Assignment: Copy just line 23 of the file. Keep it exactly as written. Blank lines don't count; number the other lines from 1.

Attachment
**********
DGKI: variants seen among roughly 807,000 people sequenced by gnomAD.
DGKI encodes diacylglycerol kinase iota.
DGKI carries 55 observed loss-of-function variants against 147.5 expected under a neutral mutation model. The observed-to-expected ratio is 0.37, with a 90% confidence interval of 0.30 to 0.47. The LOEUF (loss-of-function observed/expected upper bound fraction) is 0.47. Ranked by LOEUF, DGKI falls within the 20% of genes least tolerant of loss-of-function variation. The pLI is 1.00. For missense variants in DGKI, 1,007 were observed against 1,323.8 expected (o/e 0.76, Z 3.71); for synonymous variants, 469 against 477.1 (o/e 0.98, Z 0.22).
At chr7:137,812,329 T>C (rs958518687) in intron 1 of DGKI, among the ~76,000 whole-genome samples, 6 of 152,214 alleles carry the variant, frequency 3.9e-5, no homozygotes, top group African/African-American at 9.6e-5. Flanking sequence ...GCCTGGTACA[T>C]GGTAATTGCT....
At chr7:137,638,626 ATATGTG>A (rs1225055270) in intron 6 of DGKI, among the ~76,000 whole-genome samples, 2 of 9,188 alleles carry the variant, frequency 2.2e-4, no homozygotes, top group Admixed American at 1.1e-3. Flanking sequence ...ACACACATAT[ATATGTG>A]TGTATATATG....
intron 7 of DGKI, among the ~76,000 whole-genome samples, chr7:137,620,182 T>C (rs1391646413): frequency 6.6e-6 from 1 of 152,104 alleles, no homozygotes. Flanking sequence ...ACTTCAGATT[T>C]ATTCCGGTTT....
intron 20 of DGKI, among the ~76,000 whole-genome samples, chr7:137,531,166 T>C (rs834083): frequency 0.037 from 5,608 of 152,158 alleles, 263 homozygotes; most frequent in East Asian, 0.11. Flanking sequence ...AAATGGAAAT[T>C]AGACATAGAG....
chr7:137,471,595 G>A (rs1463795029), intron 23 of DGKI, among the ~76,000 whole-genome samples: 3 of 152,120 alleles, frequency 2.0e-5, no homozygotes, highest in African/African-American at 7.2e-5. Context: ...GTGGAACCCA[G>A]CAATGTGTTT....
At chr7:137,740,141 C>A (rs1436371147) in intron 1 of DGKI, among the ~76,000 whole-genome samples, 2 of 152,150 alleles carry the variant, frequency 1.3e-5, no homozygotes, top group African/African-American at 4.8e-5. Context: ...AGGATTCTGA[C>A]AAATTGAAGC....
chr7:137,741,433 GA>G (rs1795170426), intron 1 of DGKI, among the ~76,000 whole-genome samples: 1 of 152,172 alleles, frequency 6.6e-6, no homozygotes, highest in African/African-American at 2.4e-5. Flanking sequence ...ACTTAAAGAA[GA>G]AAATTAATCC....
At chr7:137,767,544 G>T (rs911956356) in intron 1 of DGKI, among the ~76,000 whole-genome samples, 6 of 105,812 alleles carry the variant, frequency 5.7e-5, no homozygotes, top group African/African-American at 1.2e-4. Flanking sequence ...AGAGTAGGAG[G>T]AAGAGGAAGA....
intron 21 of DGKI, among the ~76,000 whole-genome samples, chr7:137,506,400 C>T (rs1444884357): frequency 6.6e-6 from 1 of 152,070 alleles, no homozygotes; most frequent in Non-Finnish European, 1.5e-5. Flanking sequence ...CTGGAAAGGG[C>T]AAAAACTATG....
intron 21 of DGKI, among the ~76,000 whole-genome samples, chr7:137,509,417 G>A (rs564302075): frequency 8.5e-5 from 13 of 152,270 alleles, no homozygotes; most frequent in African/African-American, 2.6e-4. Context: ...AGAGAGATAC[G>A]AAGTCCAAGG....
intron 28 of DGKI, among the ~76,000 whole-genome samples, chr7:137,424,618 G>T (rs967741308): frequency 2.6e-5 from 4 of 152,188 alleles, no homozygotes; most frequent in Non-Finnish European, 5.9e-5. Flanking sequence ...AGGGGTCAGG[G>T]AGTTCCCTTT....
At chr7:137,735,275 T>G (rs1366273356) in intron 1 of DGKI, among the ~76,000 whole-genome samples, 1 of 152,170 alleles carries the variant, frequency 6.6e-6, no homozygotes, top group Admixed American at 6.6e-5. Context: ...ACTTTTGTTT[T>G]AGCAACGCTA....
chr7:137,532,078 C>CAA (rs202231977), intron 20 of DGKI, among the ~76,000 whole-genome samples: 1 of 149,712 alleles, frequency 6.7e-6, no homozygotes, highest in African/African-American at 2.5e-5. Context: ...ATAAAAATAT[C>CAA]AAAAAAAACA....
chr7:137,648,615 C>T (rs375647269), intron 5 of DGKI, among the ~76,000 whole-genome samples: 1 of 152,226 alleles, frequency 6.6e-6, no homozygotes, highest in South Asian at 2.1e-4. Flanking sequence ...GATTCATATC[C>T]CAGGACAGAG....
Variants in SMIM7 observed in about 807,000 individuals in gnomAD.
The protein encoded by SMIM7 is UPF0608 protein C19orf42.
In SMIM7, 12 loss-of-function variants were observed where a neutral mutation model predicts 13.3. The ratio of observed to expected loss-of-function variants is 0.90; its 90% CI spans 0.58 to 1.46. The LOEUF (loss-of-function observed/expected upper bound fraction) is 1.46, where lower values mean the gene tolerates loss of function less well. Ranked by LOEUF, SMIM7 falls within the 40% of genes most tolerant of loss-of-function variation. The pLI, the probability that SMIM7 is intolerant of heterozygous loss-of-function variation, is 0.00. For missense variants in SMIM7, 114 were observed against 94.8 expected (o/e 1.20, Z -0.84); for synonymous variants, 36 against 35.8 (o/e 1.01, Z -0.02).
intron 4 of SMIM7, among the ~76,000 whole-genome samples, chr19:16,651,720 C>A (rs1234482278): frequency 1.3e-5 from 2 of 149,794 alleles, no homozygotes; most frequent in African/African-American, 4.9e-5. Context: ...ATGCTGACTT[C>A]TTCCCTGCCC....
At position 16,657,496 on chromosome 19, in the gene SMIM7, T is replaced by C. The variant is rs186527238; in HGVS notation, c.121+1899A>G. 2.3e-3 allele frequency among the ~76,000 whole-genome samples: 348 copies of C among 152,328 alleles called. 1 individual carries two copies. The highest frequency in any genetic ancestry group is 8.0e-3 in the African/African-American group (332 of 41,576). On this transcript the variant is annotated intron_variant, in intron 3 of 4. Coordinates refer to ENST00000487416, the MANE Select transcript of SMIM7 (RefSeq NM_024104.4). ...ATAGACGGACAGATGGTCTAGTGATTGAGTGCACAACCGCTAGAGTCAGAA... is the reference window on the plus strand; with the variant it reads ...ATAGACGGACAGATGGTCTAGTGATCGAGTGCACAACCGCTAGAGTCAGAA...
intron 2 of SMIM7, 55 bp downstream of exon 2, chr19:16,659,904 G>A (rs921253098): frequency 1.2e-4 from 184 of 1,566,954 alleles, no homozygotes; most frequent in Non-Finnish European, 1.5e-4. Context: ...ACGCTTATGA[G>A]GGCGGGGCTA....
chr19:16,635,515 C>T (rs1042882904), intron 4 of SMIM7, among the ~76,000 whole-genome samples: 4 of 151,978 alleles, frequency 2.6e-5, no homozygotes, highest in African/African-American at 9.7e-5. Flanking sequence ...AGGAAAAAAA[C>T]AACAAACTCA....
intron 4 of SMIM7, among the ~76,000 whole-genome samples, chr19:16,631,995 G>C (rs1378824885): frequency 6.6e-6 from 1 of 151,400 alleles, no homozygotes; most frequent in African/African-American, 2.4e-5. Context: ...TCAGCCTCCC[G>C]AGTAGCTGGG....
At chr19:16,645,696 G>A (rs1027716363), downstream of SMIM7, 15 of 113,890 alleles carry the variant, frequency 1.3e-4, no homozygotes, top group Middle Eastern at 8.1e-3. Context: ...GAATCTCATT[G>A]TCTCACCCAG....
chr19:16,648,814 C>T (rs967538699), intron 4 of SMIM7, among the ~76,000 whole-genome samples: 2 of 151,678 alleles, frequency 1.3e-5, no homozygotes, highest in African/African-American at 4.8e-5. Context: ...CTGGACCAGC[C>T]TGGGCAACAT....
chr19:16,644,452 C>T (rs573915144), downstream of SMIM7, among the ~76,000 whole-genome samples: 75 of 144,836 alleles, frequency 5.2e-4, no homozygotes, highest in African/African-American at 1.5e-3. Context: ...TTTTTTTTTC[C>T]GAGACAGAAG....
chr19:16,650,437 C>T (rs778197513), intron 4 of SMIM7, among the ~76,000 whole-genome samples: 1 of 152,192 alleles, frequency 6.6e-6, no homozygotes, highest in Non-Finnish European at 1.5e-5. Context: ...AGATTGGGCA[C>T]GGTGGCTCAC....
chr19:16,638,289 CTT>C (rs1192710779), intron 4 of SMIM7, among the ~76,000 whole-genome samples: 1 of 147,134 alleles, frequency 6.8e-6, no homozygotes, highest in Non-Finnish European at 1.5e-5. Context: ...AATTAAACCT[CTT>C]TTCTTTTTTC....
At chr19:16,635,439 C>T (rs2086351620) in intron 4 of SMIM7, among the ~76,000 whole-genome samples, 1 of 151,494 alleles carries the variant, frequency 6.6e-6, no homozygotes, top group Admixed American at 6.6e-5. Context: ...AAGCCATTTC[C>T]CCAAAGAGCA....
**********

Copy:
intron 2 of SMIM7, 55 bp downstream of exon 2, chr19:16,659,904 G>A (rs921253098): frequency 1.2e-4 from 184 of 1,566,954 alleles, no homozygotes; most frequent in Non-Finnish European, 1.5e-4. Context: ...ACGCTTATGA[G>A]GGCGGGGCTA....